Ruth Ellis

Ruth Ellis
DOB9 Oct 1926
Kill Total
Kill PlaceLondon
Kill Date10 April 1955
VictimDavid Blakely
Ruth Ellis was born in Rhyl, Wales, but was brought up in Manchester. She worked as a waitress and had been a singer.
When she was seventeen she fell in love with an American airman, who was subsequently killed in battle in 1944. She later gave birth to his son.

1950 she married a dentist, George Ellis, and had another child, this time a daughter, Georgina.
She was divorced not long afterwards on the grounds of mental cruelty. Needing to look after two small children, she started to dye her hair blonde and became a club-manageress and prostitute. Working in London Clubs, this is where she met  racing driver, David Blakely in 1953.
Also in 1953 she had an abortion,  Blakely offered to marry her, she refused, but she could not get rid of him.
She started an affair with Desmond Cussen, a friend of Blakely, and for almost a year, managed to keep them both satisfied even though they each knew about the other.
Blakely was not happy with the arrangement and started to get jealous. He started to beat Ruth on a regular basis, giving her a black eye and a broken ankle at various times.
Blakely started seeing other women and came home one night with love bites on his back. Ruth threw him out. He was back again the next day and offering marriage again.

Wednesday 6th April 1955, Blakely carried on seeing other women, and on this day told Ruth that he had to go and visit a mechanic  Ruth was suspicious and followed him to a flat in Hampstead.
There was no response to her knocking at the door but she heard a woman’s laughter from inside the flat. The next day she returned to the flat in Hampstead and kept watch, Blakely emerged with his arm around a pretty, young girl.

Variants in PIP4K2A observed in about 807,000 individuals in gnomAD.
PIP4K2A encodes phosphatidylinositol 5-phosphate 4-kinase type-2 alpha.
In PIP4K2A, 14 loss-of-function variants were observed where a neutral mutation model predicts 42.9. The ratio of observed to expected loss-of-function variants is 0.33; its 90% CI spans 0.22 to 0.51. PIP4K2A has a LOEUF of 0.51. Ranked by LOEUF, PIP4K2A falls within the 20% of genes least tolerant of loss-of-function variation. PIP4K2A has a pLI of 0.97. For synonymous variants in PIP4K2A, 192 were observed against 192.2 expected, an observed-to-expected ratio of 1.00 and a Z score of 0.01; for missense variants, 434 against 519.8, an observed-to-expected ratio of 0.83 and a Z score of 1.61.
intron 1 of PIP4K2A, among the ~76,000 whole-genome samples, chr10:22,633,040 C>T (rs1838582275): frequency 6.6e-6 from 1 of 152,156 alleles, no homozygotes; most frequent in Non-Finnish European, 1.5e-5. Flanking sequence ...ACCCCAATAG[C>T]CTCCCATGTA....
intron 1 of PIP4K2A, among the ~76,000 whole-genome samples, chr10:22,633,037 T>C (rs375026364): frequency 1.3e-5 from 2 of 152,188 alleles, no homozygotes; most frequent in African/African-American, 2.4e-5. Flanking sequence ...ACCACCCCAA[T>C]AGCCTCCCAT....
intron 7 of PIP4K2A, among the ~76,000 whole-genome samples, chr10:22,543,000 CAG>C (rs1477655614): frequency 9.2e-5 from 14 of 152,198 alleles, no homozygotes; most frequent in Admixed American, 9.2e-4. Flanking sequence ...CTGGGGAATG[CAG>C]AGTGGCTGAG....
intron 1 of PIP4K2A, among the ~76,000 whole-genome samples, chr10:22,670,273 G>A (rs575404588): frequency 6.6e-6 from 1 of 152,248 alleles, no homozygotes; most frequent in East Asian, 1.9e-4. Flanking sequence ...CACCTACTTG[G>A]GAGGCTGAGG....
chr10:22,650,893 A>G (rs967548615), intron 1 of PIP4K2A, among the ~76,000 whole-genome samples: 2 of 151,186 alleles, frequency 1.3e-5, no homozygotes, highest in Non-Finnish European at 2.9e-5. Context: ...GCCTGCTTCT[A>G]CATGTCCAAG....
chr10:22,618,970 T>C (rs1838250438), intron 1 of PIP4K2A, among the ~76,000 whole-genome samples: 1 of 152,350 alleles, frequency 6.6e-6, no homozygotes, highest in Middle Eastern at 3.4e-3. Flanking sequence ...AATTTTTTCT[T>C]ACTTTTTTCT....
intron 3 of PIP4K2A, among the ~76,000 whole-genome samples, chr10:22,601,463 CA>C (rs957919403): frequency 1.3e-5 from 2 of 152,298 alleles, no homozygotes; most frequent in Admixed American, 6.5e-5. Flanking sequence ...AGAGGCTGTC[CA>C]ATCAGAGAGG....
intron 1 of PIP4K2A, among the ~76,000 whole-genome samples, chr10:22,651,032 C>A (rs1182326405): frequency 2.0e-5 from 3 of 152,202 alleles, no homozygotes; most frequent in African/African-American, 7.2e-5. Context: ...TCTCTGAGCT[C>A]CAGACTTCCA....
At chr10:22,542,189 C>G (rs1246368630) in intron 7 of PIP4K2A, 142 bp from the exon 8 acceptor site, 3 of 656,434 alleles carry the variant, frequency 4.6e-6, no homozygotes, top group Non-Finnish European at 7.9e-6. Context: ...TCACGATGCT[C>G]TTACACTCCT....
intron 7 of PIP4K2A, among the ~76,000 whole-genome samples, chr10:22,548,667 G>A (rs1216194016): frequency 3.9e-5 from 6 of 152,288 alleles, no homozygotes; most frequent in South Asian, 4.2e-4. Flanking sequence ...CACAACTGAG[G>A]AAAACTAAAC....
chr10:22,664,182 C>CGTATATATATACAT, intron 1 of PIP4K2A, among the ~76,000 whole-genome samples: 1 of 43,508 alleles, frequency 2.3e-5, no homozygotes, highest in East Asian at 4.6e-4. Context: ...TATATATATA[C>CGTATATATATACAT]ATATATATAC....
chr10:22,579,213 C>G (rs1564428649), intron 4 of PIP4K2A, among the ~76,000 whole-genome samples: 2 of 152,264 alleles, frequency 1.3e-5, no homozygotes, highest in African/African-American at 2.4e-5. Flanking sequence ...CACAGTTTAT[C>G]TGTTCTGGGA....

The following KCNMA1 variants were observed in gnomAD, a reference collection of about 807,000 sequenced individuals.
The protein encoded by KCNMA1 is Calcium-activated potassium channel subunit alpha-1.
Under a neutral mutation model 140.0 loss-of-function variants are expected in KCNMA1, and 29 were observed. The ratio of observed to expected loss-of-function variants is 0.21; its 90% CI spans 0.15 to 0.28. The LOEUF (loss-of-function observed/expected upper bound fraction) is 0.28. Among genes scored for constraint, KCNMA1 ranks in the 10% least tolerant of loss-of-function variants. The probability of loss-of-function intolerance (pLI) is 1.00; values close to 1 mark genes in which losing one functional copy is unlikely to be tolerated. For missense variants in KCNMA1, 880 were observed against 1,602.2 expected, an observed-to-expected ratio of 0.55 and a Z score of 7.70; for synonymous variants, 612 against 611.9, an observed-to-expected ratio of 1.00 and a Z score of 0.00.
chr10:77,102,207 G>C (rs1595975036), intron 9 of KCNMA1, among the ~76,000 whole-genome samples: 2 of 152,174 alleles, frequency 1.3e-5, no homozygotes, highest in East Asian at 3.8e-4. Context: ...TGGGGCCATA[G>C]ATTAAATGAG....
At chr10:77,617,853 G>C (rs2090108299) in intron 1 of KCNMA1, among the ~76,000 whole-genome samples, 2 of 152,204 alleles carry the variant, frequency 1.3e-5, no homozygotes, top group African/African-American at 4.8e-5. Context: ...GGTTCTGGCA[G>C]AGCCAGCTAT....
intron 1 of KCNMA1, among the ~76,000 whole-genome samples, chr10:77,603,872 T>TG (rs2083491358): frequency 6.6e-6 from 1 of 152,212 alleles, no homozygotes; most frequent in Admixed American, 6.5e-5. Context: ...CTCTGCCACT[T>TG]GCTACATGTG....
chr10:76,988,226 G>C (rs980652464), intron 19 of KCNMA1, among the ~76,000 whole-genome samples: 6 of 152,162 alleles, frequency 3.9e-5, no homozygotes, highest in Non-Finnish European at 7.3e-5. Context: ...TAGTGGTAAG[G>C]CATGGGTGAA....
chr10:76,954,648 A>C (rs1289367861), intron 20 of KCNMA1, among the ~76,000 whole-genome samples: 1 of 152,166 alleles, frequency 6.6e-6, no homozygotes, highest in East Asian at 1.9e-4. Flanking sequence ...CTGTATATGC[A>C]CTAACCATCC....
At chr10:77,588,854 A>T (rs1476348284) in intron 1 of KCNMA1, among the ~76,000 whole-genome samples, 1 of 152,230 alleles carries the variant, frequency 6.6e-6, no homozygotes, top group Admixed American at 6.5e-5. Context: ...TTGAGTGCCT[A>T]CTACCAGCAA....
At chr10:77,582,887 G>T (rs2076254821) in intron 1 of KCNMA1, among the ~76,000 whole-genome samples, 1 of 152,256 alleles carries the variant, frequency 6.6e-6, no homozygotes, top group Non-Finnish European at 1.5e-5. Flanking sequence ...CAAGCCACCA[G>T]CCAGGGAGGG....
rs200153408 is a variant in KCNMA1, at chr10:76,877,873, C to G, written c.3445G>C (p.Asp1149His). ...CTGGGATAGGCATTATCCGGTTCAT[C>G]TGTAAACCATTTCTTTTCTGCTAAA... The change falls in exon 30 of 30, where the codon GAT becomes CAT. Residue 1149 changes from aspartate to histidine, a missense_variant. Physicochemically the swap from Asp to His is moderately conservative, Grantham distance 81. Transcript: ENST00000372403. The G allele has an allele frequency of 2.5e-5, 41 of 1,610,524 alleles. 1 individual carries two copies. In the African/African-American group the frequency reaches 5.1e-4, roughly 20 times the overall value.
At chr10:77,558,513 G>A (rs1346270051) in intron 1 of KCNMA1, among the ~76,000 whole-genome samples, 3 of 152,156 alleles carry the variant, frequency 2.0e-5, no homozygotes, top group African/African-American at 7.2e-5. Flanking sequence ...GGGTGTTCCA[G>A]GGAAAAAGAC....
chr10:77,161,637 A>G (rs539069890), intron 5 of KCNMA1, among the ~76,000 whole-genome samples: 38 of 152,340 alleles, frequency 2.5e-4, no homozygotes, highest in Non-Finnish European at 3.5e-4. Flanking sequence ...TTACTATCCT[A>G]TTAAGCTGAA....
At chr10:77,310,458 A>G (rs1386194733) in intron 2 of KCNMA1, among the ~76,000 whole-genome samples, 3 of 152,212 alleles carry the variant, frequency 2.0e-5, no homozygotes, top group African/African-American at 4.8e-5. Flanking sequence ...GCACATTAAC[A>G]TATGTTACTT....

Sunday 10th April 1955 (Easter Sunday) , Ruth returned to Hampstead, getting new boyfriend Cussen to drive her, arriving near the Magdala public house about 9.30pm. As she arrived Blakely came out from the pub with a friend.
Ruth reached Blakely just as he got to the driver’s door of their car. He saw her and started to run in front of the car. Ruth took a .38 calibre gun out of her handbag and fired at Blakely, who was crouching in front of the car trying to hide. Ruth ran over to him and emptied the gun into his crouching body. Drinkers came out of the pub, one being an off duty policeman.
She was taken to Hampstead police station where she made a detailed confession.

Monday 20th June 1955. Her trial began at the Old Bailey's court number one.  She pleaded not guilty. The only question put to Ellis by the chief  prosecutor Christmas Humphreys was, "When you fired the revolver at close range into the body of David Blakely, what did you intend to do?"; her answer was, "It's obvious when I shot him I intended to kill him." This reply guaranteed a guilty verdict and the mandatory death sentence.
The jury took fifteen minutes to find Ruth Ellis guilty, she was sentenced to death.

Wednesday 13th July 1955 The Bishop of Stepney, Joost de Blank, visited Ellis just before the execution.
At 9am prisoner 9656, Ruth Ellis, was taken to the gallows in Holloway Prison. She drank a glass of brandy and was led to the trap by executioner Albert Pierrepoint.
Ellis  was buried in an unmarked grave within the walls of the prison.
Ruth Ellis was the last woman to be hanged in England.

In the early 1970s the remains of executed women were exhumed for reburial elsewhere,
Ellis was removed to the churchyard of St Mary's Church in Amersham, Buckinghamshire.
Her headstone was inscribed "Ruth Hornby 1926 -  1955".
Her son, Andy, destroyed the headstone shortly before he committed suicide in 1982.

8th February 2002 an appeal was lodged with the Court of appeal. It was claimed that Ruth has suffered post-miscarriage depression, that her defence team were negligent and that she was persuaded to commit the crime by Desmond Cussen. The appeal asked that the murder conviction be changed to that of manslaughter due to diminished responsibility, and that the prosecution and Judges at the time had misinterpreted the law.

16th September 2003, The appeal was heard and rejected. The court stated that as diminished responsibility had not been introduced as a defence to manslaughter until the 1957 homicide act, this element was not available to the Judge at the time, also that provocation would need to be proved, but, provocation could only be used if, she had been under duress immediately prior to the shooting, not at a much earlier time.

Back >>